# What Happens When You Use More Than One Speaker?

Written ByAudio Basics

In a previous video, I showed you what happens when you wire two speakers with opposite polarity. This will build upon that concept, but let’s do a quick recap in case you missed that episode.

A speaker’s polarity is determined by the connection to the amplifier. If you wire both speakers the same way, they will work together, and the energy from each speaker will sum to create a louder signal for the listener.

Here in the DAW, I have two copies of a signal. When I play one at a time, the signal meter reads -18 dB…

And when I play them together, the signal meter reads -12 dB (an increase of 6 dB).

But let’s say you wire one speaker with correct polarity (positive to positive and negative to negative) and one speaker with inverted polarity (positive to negative and negative to positive). Now the speakers will work against each other. When one speaker creates a positive pressure change, the other creates a negative pressure change, resulting in a cancellation.

I have the two copies of the signal again, this time with one copy inverted. Each copy still reads -18 dB on the meter.

But when I play both copies together, they completely cancel each other out.

While this is helpful for understanding the mechanics of constructive and destructive interference, wiring speakers with opposite polarity rarely results in a COMPLETE cancellation in practice.

Let’s demonstrate that by playing a stereo signal through your speakers. I’ll start with the same polarity in both the left and right speaker – then I’ll invert the polarity of one of them…

If you’re listening on headphones, the effect is quite odd because none of the signal from the left side reaches your right ear and none of the signal from the right side reaches your left ear…

In speakers, the signals will cancel when they interact acoustically, but you’ll notice that they don’t COMPLETELY cancel, as they did in my electrical demonstration…

That’s largely because my electrical demonstration was 1-dimensional, while the acoustic space you’re listening in is 3-dimensional, which makes things a lot more complicated to predict. I think another demo would be helpful here…

I’ve got two speakers and a microphone. When I play a signal out of the left speaker, we see -18 dB on the microphone meter.

The same thing happens when I mute the left speaker and play the signal out of the right speaker.

These two speakers currently have the same polarity. So what do you think will happen when I play both speakers together?

It results in a greater signal level, but it’s not exactly 6 dB because there are now other factors at play. More on that in a moment. What do you think will happen when I invert the polarity of one speaker?

The combined level is less than the level of either speaker alone, but the signal doesn’t completely cancel out as it did in the electrical demonstration.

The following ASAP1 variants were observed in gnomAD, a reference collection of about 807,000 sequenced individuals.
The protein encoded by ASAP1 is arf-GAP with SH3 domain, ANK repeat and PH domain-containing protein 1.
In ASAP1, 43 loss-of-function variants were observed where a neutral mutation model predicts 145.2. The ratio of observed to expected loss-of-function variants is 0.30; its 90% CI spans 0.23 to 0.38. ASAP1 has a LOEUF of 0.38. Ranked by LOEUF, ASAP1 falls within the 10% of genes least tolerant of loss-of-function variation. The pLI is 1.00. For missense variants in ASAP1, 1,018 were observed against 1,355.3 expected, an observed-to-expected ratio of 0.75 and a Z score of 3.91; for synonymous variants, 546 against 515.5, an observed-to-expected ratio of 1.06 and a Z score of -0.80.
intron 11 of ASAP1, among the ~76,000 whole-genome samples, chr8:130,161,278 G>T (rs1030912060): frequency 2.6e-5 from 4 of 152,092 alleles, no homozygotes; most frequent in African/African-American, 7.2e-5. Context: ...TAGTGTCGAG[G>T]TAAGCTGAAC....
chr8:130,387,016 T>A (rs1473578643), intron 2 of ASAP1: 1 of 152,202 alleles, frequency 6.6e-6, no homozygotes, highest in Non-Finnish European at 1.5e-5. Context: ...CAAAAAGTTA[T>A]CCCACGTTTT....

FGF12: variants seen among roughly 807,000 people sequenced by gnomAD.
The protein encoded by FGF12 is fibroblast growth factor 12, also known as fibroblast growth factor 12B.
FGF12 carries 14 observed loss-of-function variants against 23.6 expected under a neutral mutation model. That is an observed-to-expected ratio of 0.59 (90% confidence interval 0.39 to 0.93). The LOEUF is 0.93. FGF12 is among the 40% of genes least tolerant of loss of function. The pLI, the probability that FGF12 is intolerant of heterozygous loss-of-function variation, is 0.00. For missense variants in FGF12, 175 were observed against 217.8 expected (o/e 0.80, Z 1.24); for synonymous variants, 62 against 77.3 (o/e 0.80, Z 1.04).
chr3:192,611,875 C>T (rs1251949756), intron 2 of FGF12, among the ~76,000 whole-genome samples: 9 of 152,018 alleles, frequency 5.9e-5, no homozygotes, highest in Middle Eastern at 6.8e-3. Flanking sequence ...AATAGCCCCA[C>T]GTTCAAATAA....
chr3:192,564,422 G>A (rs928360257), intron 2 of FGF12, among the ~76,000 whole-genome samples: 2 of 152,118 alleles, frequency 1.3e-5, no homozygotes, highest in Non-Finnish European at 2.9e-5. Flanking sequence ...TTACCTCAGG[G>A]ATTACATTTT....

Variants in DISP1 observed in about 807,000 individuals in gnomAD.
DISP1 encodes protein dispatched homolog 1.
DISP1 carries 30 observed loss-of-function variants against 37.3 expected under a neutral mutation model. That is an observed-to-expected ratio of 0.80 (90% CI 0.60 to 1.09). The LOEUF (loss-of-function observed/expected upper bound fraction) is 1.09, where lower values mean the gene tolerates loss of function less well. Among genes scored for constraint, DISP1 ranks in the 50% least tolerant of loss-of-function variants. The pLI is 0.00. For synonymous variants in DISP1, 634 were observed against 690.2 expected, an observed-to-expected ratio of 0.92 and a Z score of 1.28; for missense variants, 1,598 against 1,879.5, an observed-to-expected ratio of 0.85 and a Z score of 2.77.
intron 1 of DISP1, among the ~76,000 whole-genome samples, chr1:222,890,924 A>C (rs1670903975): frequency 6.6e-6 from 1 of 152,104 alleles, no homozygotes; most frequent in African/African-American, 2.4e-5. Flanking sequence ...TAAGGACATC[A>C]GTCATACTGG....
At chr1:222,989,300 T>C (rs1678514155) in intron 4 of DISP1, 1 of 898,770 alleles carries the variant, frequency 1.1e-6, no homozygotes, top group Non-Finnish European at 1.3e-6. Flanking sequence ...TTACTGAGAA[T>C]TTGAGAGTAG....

One reason for this is that we are hearing indirect sound that has reflected off of nearby surfaces and back to the microphone. Another reason is that the mic may not be perfectly aligned. Maybe it’s slightly closer to one speaker than the other, which creates a slight time offset between them, causing the signals to partially cancel rather than totally cancel.

Watch the meter as I deliberately move the microphone closer to one speaker…

Remember – each speaker alone was at about -18 dB on the meter, but now the meter level increases (even though the speakers are wired with opposite polarity). How is that possible?

A moment ago, we saw that the waves could partially cancel when there is a slight time offset between them. At a certain point, with a large enough time offset, the waves will actually sum together.

And if you keep delaying one signal, they will eventually totally cancel again.

When two copies of a signal arrive at a different time, there will be phase interference. This is a big challenge in the world of sound system design because it means people sitting in different locations throughout the room will experience the sound differently.

If the speakers are wired in the same polarity, the signal from each speaker will work together for the person in the center of the room (who is an equal distance from each speaker). But the speakers might work against one another from the perspective of the person sitting off to one side.

Unfortunately, it gets even more complicated when dealing with a signal containing many frequencies (like music). That’s because each frequency has a unique wavelength, which means the same time offset will result in different levels of interference at different frequencies.

In the DAW, we can visualize this. Instead of two copies of one frequency, let’s make two copies of a group of frequencies.

Right now, they all align in time. But if I shift one group of frequencies back in time, some frequencies sum together and some cancel out. The amount of phase interference depends on the wavelength relative to the time shift.

Listen to the effect this has in the physical world when I play many different frequencies through these speakers and move the microphone…

In closing, understanding how multiple speakers interact offers key insights into improving audio quality. Keep these principles in mind to enhance your sound setups. You can learn more about this effect, called “comb filtering” in this post.

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